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Thursday, February 13, 2014

The injustice of injuries

The Olympics are now in full swing, and all this pushed-to-the-limit physical activity brings with it the risk of injury, such as the one that caused figure skater Evgeni Plushenko to pull out of the competition and retire from the sport.

Working so hard for so long, only to have all chances of winning eliminated by an instance of body betrayal does seem to reflect a fundamental cosmic unfairness, and in fact the word "injury" is related to the word "injustice".

In Latin, jus meant "right, law, justice"; in derivatives, jus became jur-. This is why we have the word "justice" but also related words like "jury, jurisprudence" and so on. So, in Latin, an injuria was an injustice done to someone. This was the sense that "injury" first had in English when we borrowed it from Latin in the 1300s.

A couple of hundred years later, "injury" had taken on another meaning: a spoken injustice, an insult. Although it no longer has this sense in English, in French the word for "insult" is still injure.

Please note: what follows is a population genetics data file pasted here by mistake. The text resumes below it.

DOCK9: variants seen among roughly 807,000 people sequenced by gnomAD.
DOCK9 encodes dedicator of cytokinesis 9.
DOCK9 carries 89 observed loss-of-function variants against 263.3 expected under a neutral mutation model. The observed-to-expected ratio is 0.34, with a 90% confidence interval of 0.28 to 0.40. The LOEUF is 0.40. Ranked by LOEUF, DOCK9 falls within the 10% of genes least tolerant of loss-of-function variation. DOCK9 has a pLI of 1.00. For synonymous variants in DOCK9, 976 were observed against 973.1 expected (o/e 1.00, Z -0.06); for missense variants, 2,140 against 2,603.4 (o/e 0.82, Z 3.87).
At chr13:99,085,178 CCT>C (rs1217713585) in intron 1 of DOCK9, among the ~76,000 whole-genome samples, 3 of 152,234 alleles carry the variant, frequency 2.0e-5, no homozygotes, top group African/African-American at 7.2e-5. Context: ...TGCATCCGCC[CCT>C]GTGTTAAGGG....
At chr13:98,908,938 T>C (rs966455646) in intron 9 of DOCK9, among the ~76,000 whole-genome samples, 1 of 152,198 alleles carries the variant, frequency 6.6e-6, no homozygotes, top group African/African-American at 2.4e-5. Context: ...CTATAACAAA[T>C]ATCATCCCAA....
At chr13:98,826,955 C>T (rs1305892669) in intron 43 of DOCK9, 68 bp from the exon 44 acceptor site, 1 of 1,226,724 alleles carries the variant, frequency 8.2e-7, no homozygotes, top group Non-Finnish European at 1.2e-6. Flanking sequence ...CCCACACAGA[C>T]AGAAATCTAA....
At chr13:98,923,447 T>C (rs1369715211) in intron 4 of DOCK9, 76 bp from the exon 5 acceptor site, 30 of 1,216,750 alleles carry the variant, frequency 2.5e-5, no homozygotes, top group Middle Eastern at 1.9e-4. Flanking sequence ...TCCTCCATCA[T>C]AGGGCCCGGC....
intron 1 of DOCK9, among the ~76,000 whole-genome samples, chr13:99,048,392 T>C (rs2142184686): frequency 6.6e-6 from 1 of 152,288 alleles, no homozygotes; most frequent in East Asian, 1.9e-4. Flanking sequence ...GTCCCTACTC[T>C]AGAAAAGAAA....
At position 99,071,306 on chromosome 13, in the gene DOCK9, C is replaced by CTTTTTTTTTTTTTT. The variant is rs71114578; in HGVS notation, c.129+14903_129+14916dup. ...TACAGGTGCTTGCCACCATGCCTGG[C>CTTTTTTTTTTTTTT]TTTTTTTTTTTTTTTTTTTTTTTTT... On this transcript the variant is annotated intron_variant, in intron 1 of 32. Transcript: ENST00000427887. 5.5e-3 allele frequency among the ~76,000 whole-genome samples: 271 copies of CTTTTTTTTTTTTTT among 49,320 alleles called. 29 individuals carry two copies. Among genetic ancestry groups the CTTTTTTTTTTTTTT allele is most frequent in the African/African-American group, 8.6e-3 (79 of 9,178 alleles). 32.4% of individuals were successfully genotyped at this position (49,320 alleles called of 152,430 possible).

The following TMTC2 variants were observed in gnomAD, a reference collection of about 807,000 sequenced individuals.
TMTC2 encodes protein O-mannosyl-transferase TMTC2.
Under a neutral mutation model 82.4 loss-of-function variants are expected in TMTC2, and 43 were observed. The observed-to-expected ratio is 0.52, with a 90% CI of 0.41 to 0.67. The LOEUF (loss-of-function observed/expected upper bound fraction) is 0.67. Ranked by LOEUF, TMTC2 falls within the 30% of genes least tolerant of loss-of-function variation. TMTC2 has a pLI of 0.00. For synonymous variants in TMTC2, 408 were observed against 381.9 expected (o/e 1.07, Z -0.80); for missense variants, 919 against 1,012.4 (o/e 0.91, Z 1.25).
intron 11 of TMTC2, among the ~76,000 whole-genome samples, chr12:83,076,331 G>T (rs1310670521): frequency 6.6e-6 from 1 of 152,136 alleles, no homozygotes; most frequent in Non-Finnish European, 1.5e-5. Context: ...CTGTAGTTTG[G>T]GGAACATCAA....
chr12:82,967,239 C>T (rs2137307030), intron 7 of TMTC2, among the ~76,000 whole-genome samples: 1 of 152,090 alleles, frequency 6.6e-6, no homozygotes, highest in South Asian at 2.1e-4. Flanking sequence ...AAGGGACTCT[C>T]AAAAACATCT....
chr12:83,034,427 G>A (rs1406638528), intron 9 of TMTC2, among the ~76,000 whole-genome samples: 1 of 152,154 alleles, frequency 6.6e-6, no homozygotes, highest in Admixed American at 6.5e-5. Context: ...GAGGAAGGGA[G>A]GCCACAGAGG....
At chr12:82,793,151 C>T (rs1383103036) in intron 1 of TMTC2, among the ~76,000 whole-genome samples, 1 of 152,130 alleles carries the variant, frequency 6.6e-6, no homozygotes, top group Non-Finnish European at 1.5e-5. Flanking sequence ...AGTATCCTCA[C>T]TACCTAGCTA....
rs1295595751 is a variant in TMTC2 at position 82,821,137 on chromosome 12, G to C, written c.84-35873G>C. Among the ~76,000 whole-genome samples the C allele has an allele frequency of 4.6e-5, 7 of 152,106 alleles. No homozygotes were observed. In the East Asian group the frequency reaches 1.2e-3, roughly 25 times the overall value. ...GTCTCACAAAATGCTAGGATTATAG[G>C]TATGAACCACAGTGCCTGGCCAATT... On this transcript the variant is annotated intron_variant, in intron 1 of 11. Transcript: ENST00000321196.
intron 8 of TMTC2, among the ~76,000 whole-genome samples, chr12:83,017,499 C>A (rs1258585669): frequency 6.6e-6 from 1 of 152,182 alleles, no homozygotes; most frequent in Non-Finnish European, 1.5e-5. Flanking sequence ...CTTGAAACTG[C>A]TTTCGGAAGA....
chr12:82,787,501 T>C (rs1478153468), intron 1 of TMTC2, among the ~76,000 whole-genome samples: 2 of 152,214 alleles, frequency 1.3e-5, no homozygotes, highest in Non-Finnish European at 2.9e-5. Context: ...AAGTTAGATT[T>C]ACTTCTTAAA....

By the 1400s, "injury" was also being used to mean some physical damage or loss, but it could apply to damage caused by the elements to a building, or the physical unpleasantness of standing out in the rain. It wasn't until the 1800s that it settled down into its now most common meaning of more serious, temporarily incapacitating damage inflicted on some internal part of the body.

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About Me

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Canada's Word Lady, Katherine Barber is an expert on the English language and a frequent guest on radio and television. She was Editor-in-Chief of the Canadian Oxford Dictionary. Her witty and informative talks on the stories behind our words are very popular. Contact her at wordlady.barber@gmail.com to book her for speaking engagements; she can tailor her talks to almost any subject. She is also available as an expert witness for lawsuits.